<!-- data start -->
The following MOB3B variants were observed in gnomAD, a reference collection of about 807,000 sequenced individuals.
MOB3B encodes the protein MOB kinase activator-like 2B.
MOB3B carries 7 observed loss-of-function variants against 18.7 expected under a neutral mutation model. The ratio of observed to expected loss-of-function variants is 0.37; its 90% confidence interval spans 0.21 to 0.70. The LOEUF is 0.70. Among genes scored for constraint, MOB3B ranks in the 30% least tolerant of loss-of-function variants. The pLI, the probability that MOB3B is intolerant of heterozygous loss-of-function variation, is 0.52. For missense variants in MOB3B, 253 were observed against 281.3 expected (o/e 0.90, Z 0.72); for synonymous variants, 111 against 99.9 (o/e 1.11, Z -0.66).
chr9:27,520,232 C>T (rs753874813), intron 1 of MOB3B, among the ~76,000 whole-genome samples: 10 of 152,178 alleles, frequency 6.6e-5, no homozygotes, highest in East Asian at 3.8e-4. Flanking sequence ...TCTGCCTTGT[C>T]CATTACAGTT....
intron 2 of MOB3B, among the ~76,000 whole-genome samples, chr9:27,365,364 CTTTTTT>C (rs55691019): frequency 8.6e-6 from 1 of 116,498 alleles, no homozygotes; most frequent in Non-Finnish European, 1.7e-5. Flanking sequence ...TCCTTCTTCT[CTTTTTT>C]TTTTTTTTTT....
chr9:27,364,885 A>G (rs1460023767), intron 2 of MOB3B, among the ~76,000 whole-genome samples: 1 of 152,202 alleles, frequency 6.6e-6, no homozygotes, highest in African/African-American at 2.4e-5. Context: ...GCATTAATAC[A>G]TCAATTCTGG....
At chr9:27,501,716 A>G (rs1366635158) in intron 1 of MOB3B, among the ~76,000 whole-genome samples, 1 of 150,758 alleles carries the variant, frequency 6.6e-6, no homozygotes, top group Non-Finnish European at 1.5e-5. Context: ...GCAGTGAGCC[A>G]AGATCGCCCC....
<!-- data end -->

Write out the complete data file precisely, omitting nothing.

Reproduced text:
The following MOB3B variants were observed in gnomAD, a reference collection of about 807,000 sequenced individuals.
MOB3B encodes the protein MOB kinase activator-like 2B.
MOB3B carries 7 observed loss-of-function variants against 18.7 expected under a neutral mutation model. The ratio of observed to expected loss-of-function variants is 0.37; its 90% confidence interval spans 0.21 to 0.70. The LOEUF is 0.70. Among genes scored for constraint, MOB3B ranks in the 30% least tolerant of loss-of-function variants. The pLI, the probability that MOB3B is intolerant of heterozygous loss-of-function variation, is 0.52. For missense variants in MOB3B, 253 were observed against 281.3 expected (o/e 0.90, Z 0.72); for synonymous variants, 111 against 99.9 (o/e 1.11, Z -0.66).
chr9:27,520,232 C>T (rs753874813), intron 1 of MOB3B, among the ~76,000 whole-genome samples: 10 of 152,178 alleles, frequency 6.6e-5, no homozygotes, highest in East Asian at 3.8e-4. Flanking sequence ...TCTGCCTTGT[C>T]CATTACAGTT....
intron 2 of MOB3B, among the ~76,000 whole-genome samples, chr9:27,365,364 CTTTTTT>C (rs55691019): frequency 8.6e-6 from 1 of 116,498 alleles, no homozygotes; most frequent in Non-Finnish European, 1.7e-5. Flanking sequence ...TCCTTCTTCT[CTTTTTT>C]TTTTTTTTTT....
chr9:27,364,885 A>G (rs1460023767), intron 2 of MOB3B, among the ~76,000 whole-genome samples: 1 of 152,202 alleles, frequency 6.6e-6, no homozygotes, highest in African/African-American at 2.4e-5. Context: ...GCATTAATAC[A>G]TCAATTCTGG....
At chr9:27,501,716 A>G (rs1366635158) in intron 1 of MOB3B, among the ~76,000 whole-genome samples, 1 of 150,758 alleles carries the variant, frequency 6.6e-6, no homozygotes, top group Non-Finnish European at 1.5e-5. Context: ...GCAGTGAGCC[A>G]AGATCGCCCC....